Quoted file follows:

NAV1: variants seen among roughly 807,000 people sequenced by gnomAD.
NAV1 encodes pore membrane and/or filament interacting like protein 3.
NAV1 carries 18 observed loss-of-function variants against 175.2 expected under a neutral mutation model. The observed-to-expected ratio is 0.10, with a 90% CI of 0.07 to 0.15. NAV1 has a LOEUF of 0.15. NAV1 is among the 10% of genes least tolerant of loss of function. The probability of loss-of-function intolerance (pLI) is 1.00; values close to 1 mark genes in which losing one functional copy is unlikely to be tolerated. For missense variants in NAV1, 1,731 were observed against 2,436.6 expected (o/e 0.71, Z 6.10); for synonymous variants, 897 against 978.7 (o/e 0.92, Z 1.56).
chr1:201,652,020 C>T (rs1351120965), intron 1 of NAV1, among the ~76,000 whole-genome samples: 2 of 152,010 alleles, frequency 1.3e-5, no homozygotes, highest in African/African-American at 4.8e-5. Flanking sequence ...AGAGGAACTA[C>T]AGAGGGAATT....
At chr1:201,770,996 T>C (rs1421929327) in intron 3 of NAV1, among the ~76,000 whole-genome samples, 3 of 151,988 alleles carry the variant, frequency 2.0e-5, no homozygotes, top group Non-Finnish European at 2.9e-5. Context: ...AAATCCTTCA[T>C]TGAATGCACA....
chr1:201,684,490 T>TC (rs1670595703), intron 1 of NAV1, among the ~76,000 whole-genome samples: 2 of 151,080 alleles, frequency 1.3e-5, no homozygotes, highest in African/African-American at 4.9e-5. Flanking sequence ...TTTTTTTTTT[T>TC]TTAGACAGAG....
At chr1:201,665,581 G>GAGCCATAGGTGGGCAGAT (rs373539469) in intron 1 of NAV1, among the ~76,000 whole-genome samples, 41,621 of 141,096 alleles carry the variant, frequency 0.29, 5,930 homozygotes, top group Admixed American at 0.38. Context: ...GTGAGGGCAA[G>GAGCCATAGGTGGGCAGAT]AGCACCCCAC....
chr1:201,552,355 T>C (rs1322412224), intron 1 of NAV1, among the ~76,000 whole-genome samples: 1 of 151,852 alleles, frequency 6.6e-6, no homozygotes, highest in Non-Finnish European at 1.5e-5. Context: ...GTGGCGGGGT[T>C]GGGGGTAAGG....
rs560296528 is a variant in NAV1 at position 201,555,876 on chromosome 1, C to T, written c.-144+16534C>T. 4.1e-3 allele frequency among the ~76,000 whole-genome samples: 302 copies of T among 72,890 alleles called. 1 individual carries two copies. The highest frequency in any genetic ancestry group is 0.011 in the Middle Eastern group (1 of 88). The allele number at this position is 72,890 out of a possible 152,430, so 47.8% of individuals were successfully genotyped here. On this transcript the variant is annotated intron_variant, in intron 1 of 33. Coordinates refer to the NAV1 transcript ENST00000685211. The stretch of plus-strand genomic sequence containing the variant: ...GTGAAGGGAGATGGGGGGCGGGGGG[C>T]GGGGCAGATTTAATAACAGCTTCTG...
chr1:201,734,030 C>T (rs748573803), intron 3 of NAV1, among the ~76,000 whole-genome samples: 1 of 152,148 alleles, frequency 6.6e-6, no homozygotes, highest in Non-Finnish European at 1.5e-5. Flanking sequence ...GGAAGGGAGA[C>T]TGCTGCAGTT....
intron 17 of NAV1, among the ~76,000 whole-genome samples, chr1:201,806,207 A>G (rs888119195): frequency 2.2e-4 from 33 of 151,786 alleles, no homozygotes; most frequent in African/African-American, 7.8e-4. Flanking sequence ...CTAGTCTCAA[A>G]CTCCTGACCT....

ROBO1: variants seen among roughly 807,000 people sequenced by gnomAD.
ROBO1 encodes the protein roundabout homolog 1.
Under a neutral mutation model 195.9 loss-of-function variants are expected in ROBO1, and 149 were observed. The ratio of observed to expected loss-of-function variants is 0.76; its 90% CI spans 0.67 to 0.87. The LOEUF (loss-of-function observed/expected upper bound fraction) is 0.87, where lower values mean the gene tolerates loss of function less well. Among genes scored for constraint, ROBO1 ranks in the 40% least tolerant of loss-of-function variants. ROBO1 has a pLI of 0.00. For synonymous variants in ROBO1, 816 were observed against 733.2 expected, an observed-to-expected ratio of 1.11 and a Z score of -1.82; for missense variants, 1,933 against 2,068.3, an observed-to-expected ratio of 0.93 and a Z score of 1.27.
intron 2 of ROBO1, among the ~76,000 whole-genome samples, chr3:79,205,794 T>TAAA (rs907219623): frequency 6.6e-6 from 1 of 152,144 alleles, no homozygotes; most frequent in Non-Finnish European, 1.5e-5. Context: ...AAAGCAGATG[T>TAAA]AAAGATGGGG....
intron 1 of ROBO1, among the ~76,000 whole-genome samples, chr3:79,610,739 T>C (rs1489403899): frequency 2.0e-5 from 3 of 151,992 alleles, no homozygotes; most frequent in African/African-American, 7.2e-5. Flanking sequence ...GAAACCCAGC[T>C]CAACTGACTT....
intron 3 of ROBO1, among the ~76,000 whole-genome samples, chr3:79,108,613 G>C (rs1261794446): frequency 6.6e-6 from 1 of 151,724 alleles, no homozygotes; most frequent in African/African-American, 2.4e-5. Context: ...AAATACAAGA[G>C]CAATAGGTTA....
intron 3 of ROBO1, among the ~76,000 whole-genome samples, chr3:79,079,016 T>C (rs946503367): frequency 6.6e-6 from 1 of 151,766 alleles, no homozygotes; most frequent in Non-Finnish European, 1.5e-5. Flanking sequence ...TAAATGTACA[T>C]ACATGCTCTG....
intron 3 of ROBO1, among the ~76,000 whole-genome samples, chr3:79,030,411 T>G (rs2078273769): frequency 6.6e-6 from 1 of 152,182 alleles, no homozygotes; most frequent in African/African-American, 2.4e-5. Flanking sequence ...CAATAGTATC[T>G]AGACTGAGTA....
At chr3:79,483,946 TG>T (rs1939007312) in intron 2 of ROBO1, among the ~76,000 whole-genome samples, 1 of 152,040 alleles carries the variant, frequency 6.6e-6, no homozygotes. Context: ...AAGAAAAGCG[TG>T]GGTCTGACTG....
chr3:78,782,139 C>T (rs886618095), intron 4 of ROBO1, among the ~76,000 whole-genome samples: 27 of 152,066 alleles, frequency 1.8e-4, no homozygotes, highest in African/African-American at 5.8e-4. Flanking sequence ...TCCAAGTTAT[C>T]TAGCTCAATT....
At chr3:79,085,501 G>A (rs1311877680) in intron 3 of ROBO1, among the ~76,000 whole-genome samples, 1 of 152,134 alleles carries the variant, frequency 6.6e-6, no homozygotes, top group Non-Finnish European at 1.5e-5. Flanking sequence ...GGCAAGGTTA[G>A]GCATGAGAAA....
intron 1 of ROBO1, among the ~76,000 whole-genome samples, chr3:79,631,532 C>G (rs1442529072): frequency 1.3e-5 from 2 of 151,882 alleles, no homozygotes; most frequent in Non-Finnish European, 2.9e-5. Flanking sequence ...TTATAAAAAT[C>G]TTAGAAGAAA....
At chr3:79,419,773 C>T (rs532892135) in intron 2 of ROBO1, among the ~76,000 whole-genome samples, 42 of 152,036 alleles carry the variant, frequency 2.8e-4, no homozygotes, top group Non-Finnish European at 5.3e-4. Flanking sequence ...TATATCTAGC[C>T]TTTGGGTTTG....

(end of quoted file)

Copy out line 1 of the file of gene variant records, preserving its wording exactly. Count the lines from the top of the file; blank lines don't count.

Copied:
NAV1: variants seen among roughly 807,000 people sequenced by gnomAD.